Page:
Inspired by this Charles Dowding video and his website.

Here at House of Hacks we do tutorials, project overviews, tool reviews and more related to making things around the home and shop. Generally this involves wood and metal working, electronics, photography and other similar things. If this sounds interesting to you, you may subscribe here.

If you’re interested in learning more about the House of Hacks' values, here’s a playlist for you.

And here’s the most recent video.

For a written transcript, go to How To Make Gardening Tools At Home: Long Dibber

Music under Creative Commons License By Attribution 3.0 by Kevin MacLeod at http://incompetech.com.
Intro/Exit: "Hot Swing"
Incidental: "The Whip"

Transcript

Need a dibber to plant seedlings in your garden?

Want to make a simple DIY for your gardening enthusiast?

With spring coming upon us, we're going to make a long dibber out of this rake handle.

The dibber is an ancient tool that's been around since Roman times. It's also called a dibbler, with an L in it and it's used to plant seeds and seedlings.

It's a simple tool to make and we're just going to be using a belt sander primarily, after sawing off a piece of this wood for another project.

Hi and Welcome! If we're just meeting, I'm Harley and this is the House of Hacks where we use our God-given creative skills, talents and interests to make things here in the shop out of materials like metal, electronics, photography and in this case, wood.

In a future episode, I'm going to make another gardening tool out of this cut off that I just took from the longer rake handle.

If you're interested in something like that, hit the Subscribe button and then hit the bell notification icon and YouTube will let you know next time that video is released.

I've got the rake handle here with the end cut off for a future project and I'm just going to mark about a hand width's circle all the way around this piece to give me a guide line to work from.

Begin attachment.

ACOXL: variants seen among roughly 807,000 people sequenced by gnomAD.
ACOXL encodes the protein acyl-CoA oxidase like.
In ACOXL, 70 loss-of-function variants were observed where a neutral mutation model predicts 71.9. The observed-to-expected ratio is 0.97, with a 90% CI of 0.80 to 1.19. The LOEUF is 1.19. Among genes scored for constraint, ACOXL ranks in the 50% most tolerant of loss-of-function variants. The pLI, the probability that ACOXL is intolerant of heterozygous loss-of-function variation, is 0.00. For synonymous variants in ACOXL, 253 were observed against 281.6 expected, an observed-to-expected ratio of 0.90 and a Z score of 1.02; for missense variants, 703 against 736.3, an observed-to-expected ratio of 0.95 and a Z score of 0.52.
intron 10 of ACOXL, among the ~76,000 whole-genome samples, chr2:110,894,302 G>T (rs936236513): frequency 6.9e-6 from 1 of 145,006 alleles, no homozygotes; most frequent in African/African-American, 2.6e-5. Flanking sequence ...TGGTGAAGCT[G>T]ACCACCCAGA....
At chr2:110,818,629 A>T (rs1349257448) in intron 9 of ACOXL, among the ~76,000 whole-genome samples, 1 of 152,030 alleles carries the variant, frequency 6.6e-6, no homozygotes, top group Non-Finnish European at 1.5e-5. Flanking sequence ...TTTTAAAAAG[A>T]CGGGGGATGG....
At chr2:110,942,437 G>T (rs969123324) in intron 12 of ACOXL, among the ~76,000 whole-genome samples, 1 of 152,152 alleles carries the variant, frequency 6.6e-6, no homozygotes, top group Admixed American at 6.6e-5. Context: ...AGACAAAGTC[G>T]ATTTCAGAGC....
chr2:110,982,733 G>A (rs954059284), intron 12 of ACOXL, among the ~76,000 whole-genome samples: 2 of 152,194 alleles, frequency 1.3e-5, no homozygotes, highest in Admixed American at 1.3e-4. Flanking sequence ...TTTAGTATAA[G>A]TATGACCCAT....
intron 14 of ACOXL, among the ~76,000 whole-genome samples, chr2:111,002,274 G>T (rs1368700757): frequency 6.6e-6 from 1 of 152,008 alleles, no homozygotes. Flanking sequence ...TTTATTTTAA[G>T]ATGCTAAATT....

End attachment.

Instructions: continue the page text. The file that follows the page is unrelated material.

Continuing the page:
And now I'm going to use the belt sander to just grind down to the line and make a rounded point on the end.

This was about 10 minutes worth of grinding on the belt sander here and I'm going to put a coat of oil on it to kind of seal it and that can be reapplied each year as needed to kind of keep the toxicity down rather than trying to use Varathane or some other synthetic material like that.

Well that's a simple tool that should be useful for years to come.

I've got some veggies to plant and while I do that, YouTube has some videos over here that it thinks you'll enjoy.

And remember when making things...

Perfection's not required.

Fun is!

Friday, April 12, 2019

How To Find Lost Camera (Digital) - Use pet tags (Part 3)


Description

Ever lost a camera or other photo gear? Looking for ideas for how to find lost camera (digital)? This is the third in a series where Harley shows ideas that can help a lost camera find its way back home. These travel tips and hacks can help someone who has found a lost camera return it to you.

Engraved pet tags on Amazon (Affiliate link)

Other videos in this series.

Here at House of Hacks we do tutorials, project overviews, tool reviews and more related to making things around the home and shop. Generally this involves wood and metal working, electronics, photography and other similar things. If this sounds interesting to you, you may subscribe here.

If you’re interested in learning more about the House of Hacks' values, here’s a playlist for you.

And here’s the most recent video.

For a written transcript, go to How to Subtract In Binary Using 2'S Complement

Music under Creative Commons License By Attribution 3.0 by Kevin MacLeod at http://incompetech.com.
Intro/Exit: "Hot Swing"

Transcript

Have you ever lost your camera gear?

Are you looking for ideas about how to recover your camera gear if it ever does get lost?

Today at the House of Hacks, I'm going to show you a strategy to help your camera gear find its way home if it gets lost.

I belong to a local photography Facebook group and occasionally people in that group will find camera gear that was left at popular shooting locations. Generally what happens is the person that finds the gear will post where it was found and who to contact to get the gear back. And many times the owner is a member of the group, sees the post and is able to get their equipment back.